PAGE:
Group Time 24 h 48 h 72 h
Control
Mean 0.213 0.166 0.340
SD 0.027 0.015 0.076
P value between times
24-48 h 0.009
24-72 h 0.009
48-72 h 0.002
Ceramic brackets
Mean 0.163 0.213 0.389
SD 0.011 0.016 0.260
P value in relation to control 0.002 0.004 NS
P value between times
24-48 h 0.002
24-72 h 0.004
48-72 h 0.002
Polycarbonate brackets
Mean 0.170 0.207 0.296
SD 0.023 0.024 0.043
P value in relation to control 0.009 0.015 NS
P value between times
24-48 h 0.026
24-72 h 0.004
48-72 h 0.002
Polyoxymethylene brackets
Mean 0.246 0.178 0.509
SD 0.115 0.013 0.302
P value in relation to control NS NS NS
P value between times
24-48 h NS
24-72 h 0.002
48-72 h 0.026
NS, Not significant.

As for the control group, the ceramic and PC brackets showed P <0.05 at 24 and 48 hours. The POM brackets showed no statistically significant difference.

In the analysis of differences between the times for each material, the control, ceramic bracket, and PC bracket groups showed P <0.05 at the 3 times. The POM brackets showed P <0.05 at the 24 to 72 hour and the 48 to 72 hour time intervals.

Table II gives the means and standard deviations for NO production for each material at 24, 48, and 72 hours, and the P values of the Mann-Whitney tests for the comparisons of each material with the control group and of NO production between the times 24 and 48 hours, 24 and 72 hours, and 48 and 72 hours for each group.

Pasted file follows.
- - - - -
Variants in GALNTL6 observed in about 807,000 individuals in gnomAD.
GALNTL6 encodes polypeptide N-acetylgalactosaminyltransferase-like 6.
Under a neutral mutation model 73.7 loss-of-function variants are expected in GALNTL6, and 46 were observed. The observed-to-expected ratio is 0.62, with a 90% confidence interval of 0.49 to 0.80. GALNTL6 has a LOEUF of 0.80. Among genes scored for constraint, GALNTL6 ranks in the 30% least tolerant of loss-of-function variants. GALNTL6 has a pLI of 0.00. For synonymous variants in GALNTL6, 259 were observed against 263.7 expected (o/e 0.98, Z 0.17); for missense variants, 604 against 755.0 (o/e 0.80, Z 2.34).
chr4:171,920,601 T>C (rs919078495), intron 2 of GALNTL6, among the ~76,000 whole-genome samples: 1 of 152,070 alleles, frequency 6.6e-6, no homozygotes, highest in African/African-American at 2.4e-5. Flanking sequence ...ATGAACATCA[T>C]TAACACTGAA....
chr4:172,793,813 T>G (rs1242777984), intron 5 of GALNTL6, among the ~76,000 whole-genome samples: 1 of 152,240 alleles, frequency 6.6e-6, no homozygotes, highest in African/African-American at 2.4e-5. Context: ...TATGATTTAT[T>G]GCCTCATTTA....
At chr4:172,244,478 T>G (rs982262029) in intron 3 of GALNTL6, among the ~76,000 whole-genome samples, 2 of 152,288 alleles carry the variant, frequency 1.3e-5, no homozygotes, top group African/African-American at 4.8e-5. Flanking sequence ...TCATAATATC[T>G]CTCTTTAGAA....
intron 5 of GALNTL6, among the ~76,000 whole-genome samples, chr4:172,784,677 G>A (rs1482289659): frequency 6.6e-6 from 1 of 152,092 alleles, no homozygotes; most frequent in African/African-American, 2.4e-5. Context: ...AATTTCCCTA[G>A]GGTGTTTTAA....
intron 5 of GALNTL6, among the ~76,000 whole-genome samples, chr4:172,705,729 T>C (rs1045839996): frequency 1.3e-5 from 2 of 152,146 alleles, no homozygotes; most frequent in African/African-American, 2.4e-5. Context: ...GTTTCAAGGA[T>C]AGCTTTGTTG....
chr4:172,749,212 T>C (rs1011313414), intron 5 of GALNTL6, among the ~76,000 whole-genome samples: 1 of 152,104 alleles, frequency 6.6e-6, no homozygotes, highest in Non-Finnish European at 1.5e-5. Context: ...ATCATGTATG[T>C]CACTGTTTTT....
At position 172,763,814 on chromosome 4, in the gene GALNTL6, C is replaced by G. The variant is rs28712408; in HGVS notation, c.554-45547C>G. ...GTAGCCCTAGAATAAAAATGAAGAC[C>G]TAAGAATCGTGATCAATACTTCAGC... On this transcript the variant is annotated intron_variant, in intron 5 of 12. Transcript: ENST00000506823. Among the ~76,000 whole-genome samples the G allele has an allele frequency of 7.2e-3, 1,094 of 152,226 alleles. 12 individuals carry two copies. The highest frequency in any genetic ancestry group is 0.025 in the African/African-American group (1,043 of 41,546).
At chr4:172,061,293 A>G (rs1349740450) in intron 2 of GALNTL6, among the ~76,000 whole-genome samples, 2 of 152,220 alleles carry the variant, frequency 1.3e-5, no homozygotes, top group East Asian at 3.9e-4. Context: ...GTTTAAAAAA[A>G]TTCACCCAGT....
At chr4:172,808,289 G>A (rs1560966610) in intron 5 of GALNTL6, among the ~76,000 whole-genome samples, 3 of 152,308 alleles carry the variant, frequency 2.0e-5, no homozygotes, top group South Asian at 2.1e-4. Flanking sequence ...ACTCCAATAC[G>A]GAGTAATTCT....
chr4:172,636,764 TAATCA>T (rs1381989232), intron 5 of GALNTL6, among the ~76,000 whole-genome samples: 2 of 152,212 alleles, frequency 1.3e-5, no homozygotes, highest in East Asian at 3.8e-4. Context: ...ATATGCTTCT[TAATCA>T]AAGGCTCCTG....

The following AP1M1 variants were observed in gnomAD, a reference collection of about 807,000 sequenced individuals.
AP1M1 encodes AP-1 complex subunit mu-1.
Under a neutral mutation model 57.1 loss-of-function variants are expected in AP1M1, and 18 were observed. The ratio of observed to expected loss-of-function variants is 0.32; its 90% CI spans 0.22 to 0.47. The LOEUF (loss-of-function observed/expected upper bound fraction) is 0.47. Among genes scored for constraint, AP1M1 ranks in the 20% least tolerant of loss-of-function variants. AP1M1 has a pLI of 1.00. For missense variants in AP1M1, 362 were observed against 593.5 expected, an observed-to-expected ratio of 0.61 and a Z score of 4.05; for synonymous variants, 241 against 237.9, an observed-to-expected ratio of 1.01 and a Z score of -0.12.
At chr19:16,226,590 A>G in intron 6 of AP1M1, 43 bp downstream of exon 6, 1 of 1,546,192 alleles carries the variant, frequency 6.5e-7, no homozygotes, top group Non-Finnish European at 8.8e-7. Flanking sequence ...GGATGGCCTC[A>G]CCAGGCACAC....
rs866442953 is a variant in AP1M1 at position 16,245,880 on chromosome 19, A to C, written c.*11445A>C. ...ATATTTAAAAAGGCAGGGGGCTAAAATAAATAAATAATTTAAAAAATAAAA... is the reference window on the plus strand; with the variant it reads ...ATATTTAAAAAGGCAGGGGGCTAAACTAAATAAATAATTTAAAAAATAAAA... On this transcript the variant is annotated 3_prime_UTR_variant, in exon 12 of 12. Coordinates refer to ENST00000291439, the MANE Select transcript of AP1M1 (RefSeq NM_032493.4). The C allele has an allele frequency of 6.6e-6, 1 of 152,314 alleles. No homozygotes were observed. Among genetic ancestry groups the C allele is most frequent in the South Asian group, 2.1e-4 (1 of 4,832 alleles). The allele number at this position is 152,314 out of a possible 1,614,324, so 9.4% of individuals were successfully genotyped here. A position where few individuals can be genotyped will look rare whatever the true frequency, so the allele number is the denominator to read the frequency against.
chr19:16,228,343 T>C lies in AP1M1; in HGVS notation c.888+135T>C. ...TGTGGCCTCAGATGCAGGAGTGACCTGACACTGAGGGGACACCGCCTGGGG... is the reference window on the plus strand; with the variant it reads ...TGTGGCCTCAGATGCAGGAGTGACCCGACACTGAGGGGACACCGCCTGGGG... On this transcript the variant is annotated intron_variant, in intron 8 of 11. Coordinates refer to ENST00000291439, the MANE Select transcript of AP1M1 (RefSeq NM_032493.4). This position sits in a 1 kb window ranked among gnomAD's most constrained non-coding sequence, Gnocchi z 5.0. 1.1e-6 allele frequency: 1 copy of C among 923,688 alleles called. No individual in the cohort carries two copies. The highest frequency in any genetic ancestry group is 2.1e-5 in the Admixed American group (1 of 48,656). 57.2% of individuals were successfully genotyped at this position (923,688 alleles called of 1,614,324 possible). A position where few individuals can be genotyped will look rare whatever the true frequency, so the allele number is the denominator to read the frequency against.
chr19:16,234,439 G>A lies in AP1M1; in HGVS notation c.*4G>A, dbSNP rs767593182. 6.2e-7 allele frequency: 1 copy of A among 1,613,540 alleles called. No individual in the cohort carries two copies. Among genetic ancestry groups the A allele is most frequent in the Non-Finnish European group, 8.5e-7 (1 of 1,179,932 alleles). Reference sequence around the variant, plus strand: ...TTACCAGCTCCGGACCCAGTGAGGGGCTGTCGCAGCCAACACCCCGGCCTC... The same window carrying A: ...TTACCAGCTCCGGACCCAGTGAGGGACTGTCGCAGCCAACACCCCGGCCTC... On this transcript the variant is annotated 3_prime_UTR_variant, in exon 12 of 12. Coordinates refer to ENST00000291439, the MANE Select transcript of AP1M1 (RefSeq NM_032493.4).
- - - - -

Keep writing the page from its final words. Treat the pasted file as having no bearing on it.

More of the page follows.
Table II
NO production: means, standard deviations, P values of Mann-Whitney test for the comparisons of NO production by macrophages between the materials and the control group, and for each group according to time
Group Time 24 h 48 h 72 h
Control
Mean 0.968 6.084 10.227
SD 0.481 0.532 0.323
P value between times
24-48 h 0.004
24-72 h 0.004
48-72 h 0.004
Ceramic brackets
Mean 0.987 4.638 0.515
SD 0.337 0.340 3.663
P value in relation to control NS 0.004 NS
P value between times
24-48 h 0.002
24-72 h 0.004
48-72 h NS
Polycarbonate brackets
Mean 0.780 5.049 6.234
SD 0.321 0.869 0.938
P value in relation to control NS NS 0.002
P value between times
24-48 h 0.004
24-72 h 0.004
48-72 h NS
Polyoxymethylene brackets
Mean 0.610 4.726 6.110
SD 0.297 0.225 0.894
P value in relation to control NS 0.002 0.002
P value between times
24-48 h 0.004
24-72 h 0.004
48-72 h 0.004
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Apr 14, 2017 | Posted by in Orthodontics | Comments Off on In-vitro study of cellular viability and nitric oxide production by J774 macrophages stimulated by interferon gamma with ceramic, polycarbonate, and polyoxymethylene brackets